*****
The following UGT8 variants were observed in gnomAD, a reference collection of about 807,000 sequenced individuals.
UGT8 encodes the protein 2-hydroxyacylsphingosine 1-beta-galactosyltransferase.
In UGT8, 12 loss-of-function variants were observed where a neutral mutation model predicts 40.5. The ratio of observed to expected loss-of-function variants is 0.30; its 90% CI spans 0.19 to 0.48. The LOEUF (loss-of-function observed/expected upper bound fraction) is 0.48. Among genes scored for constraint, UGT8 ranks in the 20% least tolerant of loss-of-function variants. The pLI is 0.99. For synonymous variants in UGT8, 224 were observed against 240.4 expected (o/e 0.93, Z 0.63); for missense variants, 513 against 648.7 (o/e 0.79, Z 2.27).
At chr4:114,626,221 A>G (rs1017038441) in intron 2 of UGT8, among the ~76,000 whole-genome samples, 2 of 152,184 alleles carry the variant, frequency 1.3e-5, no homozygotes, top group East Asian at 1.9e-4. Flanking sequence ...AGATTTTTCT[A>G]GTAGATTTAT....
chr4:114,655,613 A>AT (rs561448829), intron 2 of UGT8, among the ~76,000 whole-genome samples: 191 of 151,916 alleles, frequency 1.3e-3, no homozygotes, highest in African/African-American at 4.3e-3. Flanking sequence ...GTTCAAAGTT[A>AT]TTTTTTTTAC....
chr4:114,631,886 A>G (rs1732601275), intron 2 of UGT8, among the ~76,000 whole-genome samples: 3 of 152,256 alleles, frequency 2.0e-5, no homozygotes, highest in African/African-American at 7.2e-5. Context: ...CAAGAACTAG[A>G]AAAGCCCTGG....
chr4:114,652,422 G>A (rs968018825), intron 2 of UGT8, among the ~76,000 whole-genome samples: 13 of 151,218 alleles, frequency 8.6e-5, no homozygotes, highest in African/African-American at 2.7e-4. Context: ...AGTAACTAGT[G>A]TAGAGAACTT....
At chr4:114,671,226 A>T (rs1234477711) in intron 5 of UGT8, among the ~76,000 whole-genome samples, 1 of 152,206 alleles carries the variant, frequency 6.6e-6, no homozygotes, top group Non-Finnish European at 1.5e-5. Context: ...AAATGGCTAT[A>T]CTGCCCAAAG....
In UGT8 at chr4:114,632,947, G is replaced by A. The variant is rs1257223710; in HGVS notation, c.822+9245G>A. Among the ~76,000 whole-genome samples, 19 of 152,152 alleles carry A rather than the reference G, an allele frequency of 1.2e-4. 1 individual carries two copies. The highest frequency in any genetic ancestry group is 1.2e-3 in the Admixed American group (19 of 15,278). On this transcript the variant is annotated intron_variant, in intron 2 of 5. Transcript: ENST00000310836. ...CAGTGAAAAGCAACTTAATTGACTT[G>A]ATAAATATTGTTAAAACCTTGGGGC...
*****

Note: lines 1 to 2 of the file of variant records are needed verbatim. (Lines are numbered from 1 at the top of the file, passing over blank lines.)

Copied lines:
The following UGT8 variants were observed in gnomAD, a reference collection of about 807,000 sequenced individuals.
UGT8 encodes the protein 2-hydroxyacylsphingosine 1-beta-galactosyltransferase.